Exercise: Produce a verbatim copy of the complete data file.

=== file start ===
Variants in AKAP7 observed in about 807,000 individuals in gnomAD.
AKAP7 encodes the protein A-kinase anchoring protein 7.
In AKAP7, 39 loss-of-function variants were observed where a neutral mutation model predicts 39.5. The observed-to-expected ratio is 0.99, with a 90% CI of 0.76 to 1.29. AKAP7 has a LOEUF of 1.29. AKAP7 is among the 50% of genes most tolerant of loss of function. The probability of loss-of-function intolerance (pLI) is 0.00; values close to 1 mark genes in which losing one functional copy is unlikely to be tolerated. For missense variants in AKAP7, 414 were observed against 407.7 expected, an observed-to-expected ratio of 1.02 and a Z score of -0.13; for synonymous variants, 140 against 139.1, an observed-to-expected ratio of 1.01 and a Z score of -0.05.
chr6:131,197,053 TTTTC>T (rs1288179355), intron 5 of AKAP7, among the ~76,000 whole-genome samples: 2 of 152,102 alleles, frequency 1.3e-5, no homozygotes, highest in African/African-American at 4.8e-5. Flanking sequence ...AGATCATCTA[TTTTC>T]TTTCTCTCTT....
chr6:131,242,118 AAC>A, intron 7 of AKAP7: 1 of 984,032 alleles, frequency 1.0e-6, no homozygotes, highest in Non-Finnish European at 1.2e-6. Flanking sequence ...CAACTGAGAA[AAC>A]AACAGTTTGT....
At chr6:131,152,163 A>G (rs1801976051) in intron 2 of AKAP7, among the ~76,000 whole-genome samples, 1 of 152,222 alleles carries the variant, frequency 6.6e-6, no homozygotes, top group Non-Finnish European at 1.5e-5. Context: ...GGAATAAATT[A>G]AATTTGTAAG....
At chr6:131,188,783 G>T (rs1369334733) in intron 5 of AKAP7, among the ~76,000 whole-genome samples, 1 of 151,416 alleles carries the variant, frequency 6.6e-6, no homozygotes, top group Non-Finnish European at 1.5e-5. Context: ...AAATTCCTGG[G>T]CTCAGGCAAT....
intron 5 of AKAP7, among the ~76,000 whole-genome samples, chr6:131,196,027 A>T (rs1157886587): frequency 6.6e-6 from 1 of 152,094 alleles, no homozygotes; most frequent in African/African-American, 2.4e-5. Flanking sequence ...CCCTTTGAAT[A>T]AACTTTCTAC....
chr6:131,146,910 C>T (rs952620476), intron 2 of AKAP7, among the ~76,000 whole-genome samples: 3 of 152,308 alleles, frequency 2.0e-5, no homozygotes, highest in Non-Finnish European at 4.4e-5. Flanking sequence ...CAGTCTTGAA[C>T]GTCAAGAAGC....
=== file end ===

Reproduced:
Variants in AKAP7 observed in about 807,000 individuals in gnomAD.
AKAP7 encodes the protein A-kinase anchoring protein 7.
In AKAP7, 39 loss-of-function variants were observed where a neutral mutation model predicts 39.5. The observed-to-expected ratio is 0.99, with a 90% CI of 0.76 to 1.29. AKAP7 has a LOEUF of 1.29. AKAP7 is among the 50% of genes most tolerant of loss of function. The probability of loss-of-function intolerance (pLI) is 0.00; values close to 1 mark genes in which losing one functional copy is unlikely to be tolerated. For missense variants in AKAP7, 414 were observed against 407.7 expected, an observed-to-expected ratio of 1.02 and a Z score of -0.13; for synonymous variants, 140 against 139.1, an observed-to-expected ratio of 1.01 and a Z score of -0.05.
chr6:131,197,053 TTTTC>T (rs1288179355), intron 5 of AKAP7, among the ~76,000 whole-genome samples: 2 of 152,102 alleles, frequency 1.3e-5, no homozygotes, highest in African/African-American at 4.8e-5. Flanking sequence ...AGATCATCTA[TTTTC>T]TTTCTCTCTT....
chr6:131,242,118 AAC>A, intron 7 of AKAP7: 1 of 984,032 alleles, frequency 1.0e-6, no homozygotes, highest in Non-Finnish European at 1.2e-6. Flanking sequence ...CAACTGAGAA[AAC>A]AACAGTTTGT....
At chr6:131,152,163 A>G (rs1801976051) in intron 2 of AKAP7, among the ~76,000 whole-genome samples, 1 of 152,222 alleles carries the variant, frequency 6.6e-6, no homozygotes, top group Non-Finnish European at 1.5e-5. Context: ...GGAATAAATT[A>G]AATTTGTAAG....
At chr6:131,188,783 G>T (rs1369334733) in intron 5 of AKAP7, among the ~76,000 whole-genome samples, 1 of 151,416 alleles carries the variant, frequency 6.6e-6, no homozygotes, top group Non-Finnish European at 1.5e-5. Context: ...AAATTCCTGG[G>T]CTCAGGCAAT....
intron 5 of AKAP7, among the ~76,000 whole-genome samples, chr6:131,196,027 A>T (rs1157886587): frequency 6.6e-6 from 1 of 152,094 alleles, no homozygotes; most frequent in African/African-American, 2.4e-5. Flanking sequence ...CCCTTTGAAT[A>T]AACTTTCTAC....
chr6:131,146,910 C>T (rs952620476), intron 2 of AKAP7, among the ~76,000 whole-genome samples: 3 of 152,308 alleles, frequency 2.0e-5, no homozygotes, highest in Non-Finnish European at 4.4e-5. Flanking sequence ...CAGTCTTGAA[C>T]GTCAAGAAGC....